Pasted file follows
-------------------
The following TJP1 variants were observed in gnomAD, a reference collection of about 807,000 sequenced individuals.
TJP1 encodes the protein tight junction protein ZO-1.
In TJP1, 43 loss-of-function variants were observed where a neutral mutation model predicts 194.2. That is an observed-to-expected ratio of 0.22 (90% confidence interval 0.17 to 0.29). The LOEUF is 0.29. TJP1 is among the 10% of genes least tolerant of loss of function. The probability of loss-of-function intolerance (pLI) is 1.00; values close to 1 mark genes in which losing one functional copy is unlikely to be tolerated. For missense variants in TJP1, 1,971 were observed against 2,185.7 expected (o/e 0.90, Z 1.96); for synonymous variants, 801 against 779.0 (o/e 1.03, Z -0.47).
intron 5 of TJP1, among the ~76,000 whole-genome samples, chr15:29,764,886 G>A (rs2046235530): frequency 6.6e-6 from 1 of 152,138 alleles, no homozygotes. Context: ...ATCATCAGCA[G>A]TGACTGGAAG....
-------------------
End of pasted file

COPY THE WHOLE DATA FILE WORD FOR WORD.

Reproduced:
The following TJP1 variants were observed in gnomAD, a reference collection of about 807,000 sequenced individuals.
TJP1 encodes the protein tight junction protein ZO-1.
In TJP1, 43 loss-of-function variants were observed where a neutral mutation model predicts 194.2. That is an observed-to-expected ratio of 0.22 (90% confidence interval 0.17 to 0.29). The LOEUF is 0.29. TJP1 is among the 10% of genes least tolerant of loss of function. The probability of loss-of-function intolerance (pLI) is 1.00; values close to 1 mark genes in which losing one functional copy is unlikely to be tolerated. For missense variants in TJP1, 1,971 were observed against 2,185.7 expected (o/e 0.90, Z 1.96); for synonymous variants, 801 against 779.0 (o/e 1.03, Z -0.47).
intron 5 of TJP1, among the ~76,000 whole-genome samples, chr15:29,764,886 G>A (rs2046235530): frequency 6.6e-6 from 1 of 152,138 alleles, no homozygotes. Context: ...ATCATCAGCA[G>A]TGACTGGAAG....